Art Monsters

Lauren Elkin

Art Monsters
Vintage Publishing
United Kingdom
25 July 2023

Art Monsters

Lauren Elkin

A dazzlingly original reassessment of women's stories, bodies and art - and how we think about them.

For decades, feminist artists have confronted the problem of how to tell the truth about their experiences as bodies. Queer bodies, sick bodies, racialised bodies, female bodies, what is their language, what are the materials we need to transcribe it?

Exploring the ways in which feminist artists have taken up this challenge, Art Monsters is a landmark intervention in how we think about art and the body, calling attention to a radical heritage of feminist work that not only reacts against patriarchy but redefines its own aesthetic aims.

Writing in the tradition of Susan Sontag, Hel ne Cixous and Maggie Nelson, Lauren Elkin demonstrates her power as a cultural critic, weaving daring links between disparate artists and writers - from Julia Margaret Cameron's photography to Kara Walker's silhouettes, Vanessa Bell's portraits to Eva Hesse's rope sculptures, Carolee Schneemann's body art to Theresa Hak Kyung Cha's trilingual masterpiece DICTEE - and shows that their work offers a potent celebration of beauty and excess, sentiment and touch, the personal and the political.


When I was an undergraduate in the early 1990s, I took a course in women’s art history that ran over multiple semesters and offered a historical survey. I encountered art made by Artemisia Gentileschi, Leonora Carrington, Alice Neel, Louise Bourgeois, and Carolee Schneemann, and writing from Linda Nochlin, bell hooks, Susan Sontag, and Laura Mulvey, all for the first time. My eyes were opened wide to the gaps in the history of art – and the world – that I had absorbed to this point. It’s not hyperbole to say this course reshaped my mind.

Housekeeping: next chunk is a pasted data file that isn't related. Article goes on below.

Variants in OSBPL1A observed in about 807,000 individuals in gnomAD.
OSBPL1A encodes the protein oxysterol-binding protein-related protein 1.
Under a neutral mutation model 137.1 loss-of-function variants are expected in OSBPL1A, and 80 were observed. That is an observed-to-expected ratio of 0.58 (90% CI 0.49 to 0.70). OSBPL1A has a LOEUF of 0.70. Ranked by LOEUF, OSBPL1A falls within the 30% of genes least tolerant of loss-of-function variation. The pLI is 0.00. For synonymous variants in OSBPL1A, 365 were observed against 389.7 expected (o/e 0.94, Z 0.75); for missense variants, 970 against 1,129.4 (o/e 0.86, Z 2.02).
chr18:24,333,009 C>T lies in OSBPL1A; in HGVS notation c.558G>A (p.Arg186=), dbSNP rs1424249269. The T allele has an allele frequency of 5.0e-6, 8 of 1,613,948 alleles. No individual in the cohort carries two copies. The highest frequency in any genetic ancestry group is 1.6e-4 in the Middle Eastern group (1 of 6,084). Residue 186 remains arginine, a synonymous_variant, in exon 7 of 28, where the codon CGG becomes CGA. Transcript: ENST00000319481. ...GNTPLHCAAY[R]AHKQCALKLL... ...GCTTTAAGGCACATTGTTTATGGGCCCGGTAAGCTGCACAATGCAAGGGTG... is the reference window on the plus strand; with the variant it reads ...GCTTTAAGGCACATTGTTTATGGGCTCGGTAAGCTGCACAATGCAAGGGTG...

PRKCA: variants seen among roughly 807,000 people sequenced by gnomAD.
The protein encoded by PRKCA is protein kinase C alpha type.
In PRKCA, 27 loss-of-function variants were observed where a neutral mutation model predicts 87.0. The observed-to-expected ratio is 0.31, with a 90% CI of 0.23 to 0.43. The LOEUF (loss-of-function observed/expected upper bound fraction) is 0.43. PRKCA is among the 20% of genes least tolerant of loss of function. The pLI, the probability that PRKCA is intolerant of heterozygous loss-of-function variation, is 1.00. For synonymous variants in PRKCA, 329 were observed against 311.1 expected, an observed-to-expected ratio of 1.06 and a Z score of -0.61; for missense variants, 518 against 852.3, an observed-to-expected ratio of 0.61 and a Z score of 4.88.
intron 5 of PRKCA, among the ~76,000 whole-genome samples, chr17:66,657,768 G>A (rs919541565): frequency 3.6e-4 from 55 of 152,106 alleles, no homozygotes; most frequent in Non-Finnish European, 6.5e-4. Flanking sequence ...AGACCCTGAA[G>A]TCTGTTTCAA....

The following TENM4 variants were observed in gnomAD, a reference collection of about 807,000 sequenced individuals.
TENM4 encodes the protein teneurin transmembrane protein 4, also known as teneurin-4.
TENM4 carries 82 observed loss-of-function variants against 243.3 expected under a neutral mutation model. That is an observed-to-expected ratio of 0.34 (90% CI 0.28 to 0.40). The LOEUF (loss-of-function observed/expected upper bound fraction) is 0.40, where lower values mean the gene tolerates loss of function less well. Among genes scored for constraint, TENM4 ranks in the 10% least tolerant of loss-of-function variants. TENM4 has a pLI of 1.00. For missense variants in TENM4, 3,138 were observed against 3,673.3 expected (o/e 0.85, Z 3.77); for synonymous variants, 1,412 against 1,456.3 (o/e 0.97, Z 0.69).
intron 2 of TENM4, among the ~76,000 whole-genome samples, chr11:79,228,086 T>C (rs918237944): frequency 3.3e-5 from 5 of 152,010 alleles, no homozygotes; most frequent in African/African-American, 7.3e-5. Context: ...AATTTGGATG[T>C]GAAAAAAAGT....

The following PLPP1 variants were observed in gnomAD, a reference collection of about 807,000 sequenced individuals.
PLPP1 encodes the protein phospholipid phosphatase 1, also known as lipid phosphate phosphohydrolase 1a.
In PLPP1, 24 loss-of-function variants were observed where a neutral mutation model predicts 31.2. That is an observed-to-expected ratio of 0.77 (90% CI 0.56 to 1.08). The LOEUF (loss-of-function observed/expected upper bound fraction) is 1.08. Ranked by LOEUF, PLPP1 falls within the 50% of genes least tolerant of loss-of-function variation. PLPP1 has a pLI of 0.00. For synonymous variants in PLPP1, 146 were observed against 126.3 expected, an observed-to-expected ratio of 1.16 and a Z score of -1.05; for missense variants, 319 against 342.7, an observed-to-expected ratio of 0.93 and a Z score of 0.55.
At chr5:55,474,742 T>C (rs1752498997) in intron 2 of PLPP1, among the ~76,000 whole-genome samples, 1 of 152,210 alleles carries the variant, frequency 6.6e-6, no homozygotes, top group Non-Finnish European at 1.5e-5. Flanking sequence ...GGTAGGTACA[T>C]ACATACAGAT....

It was a pleasure, then, to revisit with older eyes some of this terrain in Lauren Elkin’s exploration of feminist art and the unruly women who have made it. Art Monsters – a phrase from Jenny Offill’s novel Dept. of Speculation – refers to women, defined by Elkin in the broadest sense of the word, who bust the boundaries of what are considered acceptable ways to behave and look. Art monsters reach for the truth of their own bodies, outside the patriarchal language that has traditionally defined, idealised and desired them.

Art Monsters is a major work, thoroughly researched, beautifully executed, and frequently surprising. Like so much of the boundary-busting art Elkin references, it is uncontainable and uncategorisable – part art history, part memoir, often conversing with the mechanics of its own creation, serious and searching. Written in fragments, it is concerned with aesthetics and affect, in opening up engagement and meaning, not closing it down in absolutes.

Conversations about feminist art, Elkin decides, have outgrown the declaration that the personal is political. This is now such a truism as to be almost meaningless. What Elkin prefers is art that surprises, providing an experience that is rooted in sensation, like life itself. Art is feminist not because of what it is but because of what it does – the political position it produces in the body of the viewer. A radical reminder of a radical way to engage with and think about women’s art, bodies and stories.

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